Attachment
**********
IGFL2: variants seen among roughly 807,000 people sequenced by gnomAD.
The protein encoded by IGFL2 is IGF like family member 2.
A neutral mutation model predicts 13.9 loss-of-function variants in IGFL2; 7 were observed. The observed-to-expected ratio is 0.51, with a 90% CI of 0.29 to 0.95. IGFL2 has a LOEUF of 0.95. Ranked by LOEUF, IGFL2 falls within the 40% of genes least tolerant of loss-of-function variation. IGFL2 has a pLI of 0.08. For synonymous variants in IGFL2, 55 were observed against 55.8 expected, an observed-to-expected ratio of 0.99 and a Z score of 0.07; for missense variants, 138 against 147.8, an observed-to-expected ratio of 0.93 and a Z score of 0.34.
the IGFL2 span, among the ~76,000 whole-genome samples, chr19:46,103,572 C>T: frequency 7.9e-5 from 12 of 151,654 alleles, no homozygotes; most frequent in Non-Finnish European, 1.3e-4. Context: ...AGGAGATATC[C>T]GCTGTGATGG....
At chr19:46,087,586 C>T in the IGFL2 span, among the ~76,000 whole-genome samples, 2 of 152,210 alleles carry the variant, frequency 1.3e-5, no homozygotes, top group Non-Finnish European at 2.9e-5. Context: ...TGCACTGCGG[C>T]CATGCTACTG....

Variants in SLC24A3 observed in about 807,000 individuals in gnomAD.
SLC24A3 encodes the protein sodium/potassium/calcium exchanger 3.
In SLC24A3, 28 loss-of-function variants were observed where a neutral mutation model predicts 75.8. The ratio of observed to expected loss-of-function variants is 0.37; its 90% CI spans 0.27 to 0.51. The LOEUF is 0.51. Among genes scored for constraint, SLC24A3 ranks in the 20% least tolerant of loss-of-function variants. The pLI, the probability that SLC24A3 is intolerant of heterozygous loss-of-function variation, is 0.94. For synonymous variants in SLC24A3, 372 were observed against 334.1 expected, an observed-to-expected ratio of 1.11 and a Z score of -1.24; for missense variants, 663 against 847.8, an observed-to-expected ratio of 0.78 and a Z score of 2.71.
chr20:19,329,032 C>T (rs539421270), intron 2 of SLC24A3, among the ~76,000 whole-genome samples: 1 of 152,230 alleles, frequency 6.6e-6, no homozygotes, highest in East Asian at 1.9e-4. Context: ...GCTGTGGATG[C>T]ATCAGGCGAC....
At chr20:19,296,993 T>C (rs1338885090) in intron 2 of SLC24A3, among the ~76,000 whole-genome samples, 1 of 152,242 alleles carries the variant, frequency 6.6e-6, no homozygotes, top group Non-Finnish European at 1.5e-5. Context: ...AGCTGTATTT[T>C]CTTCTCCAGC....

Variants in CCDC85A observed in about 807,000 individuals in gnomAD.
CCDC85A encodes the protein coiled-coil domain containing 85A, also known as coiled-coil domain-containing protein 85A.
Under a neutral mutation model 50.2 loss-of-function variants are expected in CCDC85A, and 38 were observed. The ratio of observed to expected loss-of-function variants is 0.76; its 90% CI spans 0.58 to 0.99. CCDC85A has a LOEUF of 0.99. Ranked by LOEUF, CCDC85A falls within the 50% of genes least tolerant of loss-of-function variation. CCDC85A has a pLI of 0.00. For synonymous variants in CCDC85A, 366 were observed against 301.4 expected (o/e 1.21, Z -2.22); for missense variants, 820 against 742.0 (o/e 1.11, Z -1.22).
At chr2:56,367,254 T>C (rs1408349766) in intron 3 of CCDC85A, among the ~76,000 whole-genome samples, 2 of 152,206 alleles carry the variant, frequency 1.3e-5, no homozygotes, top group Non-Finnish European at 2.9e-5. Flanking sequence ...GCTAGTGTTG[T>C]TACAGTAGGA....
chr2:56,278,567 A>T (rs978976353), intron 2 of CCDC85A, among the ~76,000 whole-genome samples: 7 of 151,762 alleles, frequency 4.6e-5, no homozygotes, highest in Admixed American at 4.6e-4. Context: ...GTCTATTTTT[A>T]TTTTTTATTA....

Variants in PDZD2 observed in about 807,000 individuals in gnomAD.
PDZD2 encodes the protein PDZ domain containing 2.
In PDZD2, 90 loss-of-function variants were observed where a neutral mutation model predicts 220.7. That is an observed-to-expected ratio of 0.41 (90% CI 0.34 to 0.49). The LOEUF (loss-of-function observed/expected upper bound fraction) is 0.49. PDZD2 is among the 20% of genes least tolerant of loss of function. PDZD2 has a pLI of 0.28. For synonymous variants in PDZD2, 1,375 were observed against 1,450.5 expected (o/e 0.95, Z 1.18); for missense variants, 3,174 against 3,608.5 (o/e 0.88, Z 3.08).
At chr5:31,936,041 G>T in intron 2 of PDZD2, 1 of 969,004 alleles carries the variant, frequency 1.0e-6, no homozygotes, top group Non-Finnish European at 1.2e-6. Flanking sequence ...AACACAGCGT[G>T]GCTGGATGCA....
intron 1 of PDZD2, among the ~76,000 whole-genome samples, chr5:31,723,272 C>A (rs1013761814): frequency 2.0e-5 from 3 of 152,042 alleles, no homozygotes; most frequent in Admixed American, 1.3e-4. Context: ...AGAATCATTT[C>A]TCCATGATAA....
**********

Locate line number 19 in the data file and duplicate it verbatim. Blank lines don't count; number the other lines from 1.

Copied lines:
At chr5:31,936,041 G>T in intron 2 of PDZD2, 1 of 969,004 alleles carries the variant, frequency 1.0e-6, no homozygotes, top group Non-Finnish European at 1.2e-6. Flanking sequence ...AACACAGCGT[G>T]GCTGGATGCA....